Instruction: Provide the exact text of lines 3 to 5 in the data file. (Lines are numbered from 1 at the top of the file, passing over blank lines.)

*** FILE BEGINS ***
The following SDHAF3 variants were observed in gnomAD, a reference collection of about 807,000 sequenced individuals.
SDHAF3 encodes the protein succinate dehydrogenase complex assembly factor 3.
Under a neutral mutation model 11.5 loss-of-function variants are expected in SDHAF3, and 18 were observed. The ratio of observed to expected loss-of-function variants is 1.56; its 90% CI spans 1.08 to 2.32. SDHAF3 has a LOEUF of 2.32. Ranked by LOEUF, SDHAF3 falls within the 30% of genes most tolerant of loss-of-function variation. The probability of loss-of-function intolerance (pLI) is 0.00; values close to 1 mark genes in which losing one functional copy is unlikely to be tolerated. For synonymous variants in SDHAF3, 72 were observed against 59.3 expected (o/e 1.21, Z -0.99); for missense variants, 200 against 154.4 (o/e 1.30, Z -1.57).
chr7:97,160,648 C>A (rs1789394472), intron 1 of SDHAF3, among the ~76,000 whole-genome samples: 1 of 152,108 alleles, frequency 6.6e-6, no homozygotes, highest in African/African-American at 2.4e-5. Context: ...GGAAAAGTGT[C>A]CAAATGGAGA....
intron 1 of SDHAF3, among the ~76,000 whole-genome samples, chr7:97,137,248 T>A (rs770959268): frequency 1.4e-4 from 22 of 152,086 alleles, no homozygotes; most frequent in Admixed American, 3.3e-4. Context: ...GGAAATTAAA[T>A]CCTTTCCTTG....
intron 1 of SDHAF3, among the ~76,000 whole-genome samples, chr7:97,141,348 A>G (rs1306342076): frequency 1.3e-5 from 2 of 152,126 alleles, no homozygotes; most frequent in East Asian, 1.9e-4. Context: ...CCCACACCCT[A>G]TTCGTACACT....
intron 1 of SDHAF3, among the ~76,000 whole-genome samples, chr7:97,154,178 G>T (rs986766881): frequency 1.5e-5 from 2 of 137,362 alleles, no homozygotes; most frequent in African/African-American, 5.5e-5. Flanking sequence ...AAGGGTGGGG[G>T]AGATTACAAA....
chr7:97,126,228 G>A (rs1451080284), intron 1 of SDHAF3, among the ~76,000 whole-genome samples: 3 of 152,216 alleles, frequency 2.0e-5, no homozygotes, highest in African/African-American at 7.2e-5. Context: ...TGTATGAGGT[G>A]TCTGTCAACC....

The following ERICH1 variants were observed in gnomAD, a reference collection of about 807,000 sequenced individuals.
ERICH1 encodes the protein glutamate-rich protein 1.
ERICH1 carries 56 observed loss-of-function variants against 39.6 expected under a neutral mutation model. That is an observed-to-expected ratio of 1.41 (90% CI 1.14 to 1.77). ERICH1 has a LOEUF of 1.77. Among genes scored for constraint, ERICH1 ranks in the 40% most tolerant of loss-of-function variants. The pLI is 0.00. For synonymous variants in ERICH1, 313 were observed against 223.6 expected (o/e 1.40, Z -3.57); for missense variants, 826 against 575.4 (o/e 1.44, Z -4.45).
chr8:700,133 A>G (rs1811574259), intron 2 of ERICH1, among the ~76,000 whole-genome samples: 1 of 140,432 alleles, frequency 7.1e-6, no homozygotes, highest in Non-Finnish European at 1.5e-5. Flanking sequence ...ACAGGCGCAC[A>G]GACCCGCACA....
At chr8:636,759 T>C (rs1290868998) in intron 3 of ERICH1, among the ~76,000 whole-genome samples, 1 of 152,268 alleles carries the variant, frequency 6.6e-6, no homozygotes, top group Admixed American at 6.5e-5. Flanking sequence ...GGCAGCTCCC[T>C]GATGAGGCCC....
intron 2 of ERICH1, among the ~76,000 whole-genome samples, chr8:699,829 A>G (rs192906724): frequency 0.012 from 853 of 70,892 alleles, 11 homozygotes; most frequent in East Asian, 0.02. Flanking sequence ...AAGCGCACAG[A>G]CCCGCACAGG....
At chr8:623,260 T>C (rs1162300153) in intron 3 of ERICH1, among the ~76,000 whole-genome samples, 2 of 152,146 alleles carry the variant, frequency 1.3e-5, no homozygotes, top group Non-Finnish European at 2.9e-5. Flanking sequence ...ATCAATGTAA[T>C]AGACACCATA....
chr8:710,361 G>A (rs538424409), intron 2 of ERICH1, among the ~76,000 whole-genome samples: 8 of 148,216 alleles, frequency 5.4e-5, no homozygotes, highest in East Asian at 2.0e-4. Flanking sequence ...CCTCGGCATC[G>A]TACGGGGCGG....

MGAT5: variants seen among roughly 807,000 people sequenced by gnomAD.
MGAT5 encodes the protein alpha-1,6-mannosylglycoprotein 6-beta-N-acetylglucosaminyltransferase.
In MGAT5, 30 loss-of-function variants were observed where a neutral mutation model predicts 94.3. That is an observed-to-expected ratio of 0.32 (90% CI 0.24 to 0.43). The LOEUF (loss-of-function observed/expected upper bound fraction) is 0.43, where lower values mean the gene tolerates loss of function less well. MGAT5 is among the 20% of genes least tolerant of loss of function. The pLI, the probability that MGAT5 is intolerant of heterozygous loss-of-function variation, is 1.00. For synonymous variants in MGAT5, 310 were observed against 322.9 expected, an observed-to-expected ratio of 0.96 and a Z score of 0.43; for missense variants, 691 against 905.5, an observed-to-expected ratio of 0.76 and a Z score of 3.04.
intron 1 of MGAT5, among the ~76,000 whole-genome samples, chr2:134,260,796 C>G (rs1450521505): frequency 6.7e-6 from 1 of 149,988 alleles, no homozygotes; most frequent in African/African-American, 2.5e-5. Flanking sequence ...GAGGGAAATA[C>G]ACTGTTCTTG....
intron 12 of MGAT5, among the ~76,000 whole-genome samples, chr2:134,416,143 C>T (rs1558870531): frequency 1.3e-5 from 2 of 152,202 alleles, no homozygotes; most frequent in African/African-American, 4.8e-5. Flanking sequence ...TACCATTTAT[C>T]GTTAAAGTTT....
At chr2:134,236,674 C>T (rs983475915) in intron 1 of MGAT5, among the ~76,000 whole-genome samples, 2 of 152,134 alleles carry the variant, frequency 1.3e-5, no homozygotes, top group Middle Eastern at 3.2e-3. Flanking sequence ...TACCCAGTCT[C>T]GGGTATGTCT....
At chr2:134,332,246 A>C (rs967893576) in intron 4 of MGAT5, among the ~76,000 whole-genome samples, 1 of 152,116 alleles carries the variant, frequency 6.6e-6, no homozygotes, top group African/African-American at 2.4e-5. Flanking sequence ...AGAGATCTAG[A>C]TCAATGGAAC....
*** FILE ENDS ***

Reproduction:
Under a neutral mutation model 11.5 loss-of-function variants are expected in SDHAF3, and 18 were observed. The ratio of observed to expected loss-of-function variants is 1.56; its 90% CI spans 1.08 to 2.32. SDHAF3 has a LOEUF of 2.32. Ranked by LOEUF, SDHAF3 falls within the 30% of genes most tolerant of loss-of-function variation. The probability of loss-of-function intolerance (pLI) is 0.00; values close to 1 mark genes in which losing one functional copy is unlikely to be tolerated. For synonymous variants in SDHAF3, 72 were observed against 59.3 expected (o/e 1.21, Z -0.99); for missense variants, 200 against 154.4 (o/e 1.30, Z -1.57).
chr7:97,160,648 C>A (rs1789394472), intron 1 of SDHAF3, among the ~76,000 whole-genome samples: 1 of 152,108 alleles, frequency 6.6e-6, no homozygotes, highest in African/African-American at 2.4e-5. Context: ...GGAAAAGTGT[C>A]CAAATGGAGA....
intron 1 of SDHAF3, among the ~76,000 whole-genome samples, chr7:97,137,248 T>A (rs770959268): frequency 1.4e-4 from 22 of 152,086 alleles, no homozygotes; most frequent in Admixed American, 3.3e-4. Context: ...GGAAATTAAA[T>A]CCTTTCCTTG....